This is a bookshelf where authors can speak about their own works selected
for a UTokyo Grant for Academic Publications (UTokyo Jiritsu Award for Early Career Academics).

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Sengo Nika Keizai Gaikoushi 1950-1978 (Economic Diplomacy and Postwar Japan-Taiwan Relations)


Hang Xu


318 pages, A5 format




July 12, 2019



Published by

University of Tokyo Press

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Sengo Nika Keizai Gaikoushi 1950-1978

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Despite its small size, Taiwan has played a key role in the modern history of East Asia, which was always on the front line of the transformation of international order. The island was ceded to Japan after the first Sino-Japanese War, and during the Second World War, the Allies promised Chiang Kai-shek, the leader of the Republic of China, that Taiwan would be returned to China after Japan’s defeat. However, as the Chinese civil war turned against the Nationalists, and the Cold War spread to Asia, Taiwan’s political status became ambiguous and is far from being settled even today.
After the Second World War, the Nationalists lost the civil war in mainland China and retreated to Taiwan, the former colony of the Japanese empire; Japan was trapped in an especially difficult dilemma in restoring its relations with China. Under pressure from the US, Japan had no option but to establish diplomatic relations with the ROC government in Taiwan and recognize it as a legitimate government representing China. However, at the same time, Japan did not give up any opportunity to develop trade and civic relations with mainland China and the government in Beijing. After 20 years, as the ROC government lost its membership in the United Nations, and US President Richard Nixon proclaimed his visit to Beijing, the Japanese government finally took a decisive step to establish diplomatic relations with Beijing.
Postwar Japan-Taiwan (ROC) relations are often viewed as an obstacle in Sino-Japan relations—the “obstacle” was finally “cleared” in 1972. After severing their diplomatic relations, Japan and Taiwan have only continued their unofficial relations through “separation of politics and economy,” which used to apply in Sino-Japan relations before 1972. However, it is hard to understand why the Taiwan issue is still a problem in Sino-Japan relations. This book challenges the conventional narrative, which mainly focused on the question of which should be the legitimate Chinese government, and offers a new perspective to explain postwar Japan-Taiwan relations through a political economy way.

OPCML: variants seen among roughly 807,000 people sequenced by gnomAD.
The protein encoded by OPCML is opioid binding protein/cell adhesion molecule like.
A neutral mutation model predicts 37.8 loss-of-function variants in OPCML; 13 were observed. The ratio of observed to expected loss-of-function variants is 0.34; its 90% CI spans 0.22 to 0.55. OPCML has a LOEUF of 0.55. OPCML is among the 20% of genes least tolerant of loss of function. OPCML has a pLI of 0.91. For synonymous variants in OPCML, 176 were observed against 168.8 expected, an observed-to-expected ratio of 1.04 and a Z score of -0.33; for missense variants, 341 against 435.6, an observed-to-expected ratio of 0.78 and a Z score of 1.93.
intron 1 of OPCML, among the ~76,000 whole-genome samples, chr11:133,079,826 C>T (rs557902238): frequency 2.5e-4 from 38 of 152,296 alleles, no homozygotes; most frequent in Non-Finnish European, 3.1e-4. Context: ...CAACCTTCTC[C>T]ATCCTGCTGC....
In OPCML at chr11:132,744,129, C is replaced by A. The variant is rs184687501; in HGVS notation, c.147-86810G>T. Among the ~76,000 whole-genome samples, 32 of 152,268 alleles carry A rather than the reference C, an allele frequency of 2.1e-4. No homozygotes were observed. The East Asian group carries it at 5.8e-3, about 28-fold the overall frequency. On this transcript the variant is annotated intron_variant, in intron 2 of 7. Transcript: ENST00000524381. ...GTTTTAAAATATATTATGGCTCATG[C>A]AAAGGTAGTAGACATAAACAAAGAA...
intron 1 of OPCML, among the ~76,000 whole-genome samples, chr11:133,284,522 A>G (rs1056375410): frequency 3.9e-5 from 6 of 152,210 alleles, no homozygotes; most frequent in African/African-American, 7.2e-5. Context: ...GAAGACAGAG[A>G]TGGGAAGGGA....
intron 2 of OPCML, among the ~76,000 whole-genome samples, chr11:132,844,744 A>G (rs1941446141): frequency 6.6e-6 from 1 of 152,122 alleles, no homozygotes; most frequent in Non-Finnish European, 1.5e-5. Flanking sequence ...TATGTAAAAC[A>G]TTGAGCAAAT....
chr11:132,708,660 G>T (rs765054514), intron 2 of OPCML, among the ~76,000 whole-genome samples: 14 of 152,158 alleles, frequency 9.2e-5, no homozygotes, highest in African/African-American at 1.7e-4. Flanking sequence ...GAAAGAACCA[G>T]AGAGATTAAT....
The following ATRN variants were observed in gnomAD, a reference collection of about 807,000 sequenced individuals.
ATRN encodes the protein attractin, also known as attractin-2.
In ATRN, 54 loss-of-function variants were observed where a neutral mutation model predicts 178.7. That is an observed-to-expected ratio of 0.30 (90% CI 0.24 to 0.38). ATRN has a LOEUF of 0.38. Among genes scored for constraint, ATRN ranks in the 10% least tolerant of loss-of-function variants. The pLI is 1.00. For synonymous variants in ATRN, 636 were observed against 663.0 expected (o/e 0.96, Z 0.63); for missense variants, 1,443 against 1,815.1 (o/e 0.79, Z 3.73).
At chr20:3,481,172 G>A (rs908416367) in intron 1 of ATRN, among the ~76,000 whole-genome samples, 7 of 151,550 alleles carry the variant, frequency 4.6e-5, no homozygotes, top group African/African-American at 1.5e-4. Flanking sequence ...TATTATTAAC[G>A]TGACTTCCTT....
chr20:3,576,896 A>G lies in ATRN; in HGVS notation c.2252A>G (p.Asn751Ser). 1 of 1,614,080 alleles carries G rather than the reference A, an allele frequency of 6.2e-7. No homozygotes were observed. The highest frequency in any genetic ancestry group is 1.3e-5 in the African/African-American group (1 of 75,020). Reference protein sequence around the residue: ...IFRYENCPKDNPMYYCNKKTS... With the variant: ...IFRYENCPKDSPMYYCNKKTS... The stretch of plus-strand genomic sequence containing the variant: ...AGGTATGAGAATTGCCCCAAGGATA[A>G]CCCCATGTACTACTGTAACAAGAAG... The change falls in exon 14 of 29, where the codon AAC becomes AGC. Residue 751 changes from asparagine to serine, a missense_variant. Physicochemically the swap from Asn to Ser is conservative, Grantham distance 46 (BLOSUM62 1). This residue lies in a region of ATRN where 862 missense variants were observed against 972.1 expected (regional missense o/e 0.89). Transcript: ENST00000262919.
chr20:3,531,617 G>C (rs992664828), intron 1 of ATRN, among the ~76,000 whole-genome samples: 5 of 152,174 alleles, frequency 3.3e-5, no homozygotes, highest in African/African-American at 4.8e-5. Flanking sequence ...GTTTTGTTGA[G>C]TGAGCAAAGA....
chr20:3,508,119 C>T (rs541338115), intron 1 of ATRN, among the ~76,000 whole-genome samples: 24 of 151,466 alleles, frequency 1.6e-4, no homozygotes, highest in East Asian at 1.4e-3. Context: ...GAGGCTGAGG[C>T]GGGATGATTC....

The author marshals extensive research from recently declassified archives in Japan, Taiwan, and the US to explore the economic cooperation between the Japanese and ROC governments. Compared with the overwhelming research on US’ economic aid to Taiwan, or Japan’s postwar economic aid to Southeast Asian countries and Korea, the history of Japan’s economic aid to Taiwan defies comprehension. By exploring how Japan and Taiwan negotiated on trade, loan, and economic cooperation in international economic organizations, and how they utilized the economic issue as a diplomatic tool to serve their respective purposes, this book asserts that during the process of economic negotiation, Japan and ROC gradually developed a new “diplomatic space,” which was different from the “China problem.” In other words, it was not a shift from diplomatic relations to civil relations in 1972; instead, notwithstanding the China problem, they developed a related but different road together for the future, intentionally or unintentionally right from the beginning. That explains how Japan as well as western countries tried to adjust their relations with Beijing and secure Taiwan’s interest at the same time.

(Written by: Hang Xu / October 08, 2020)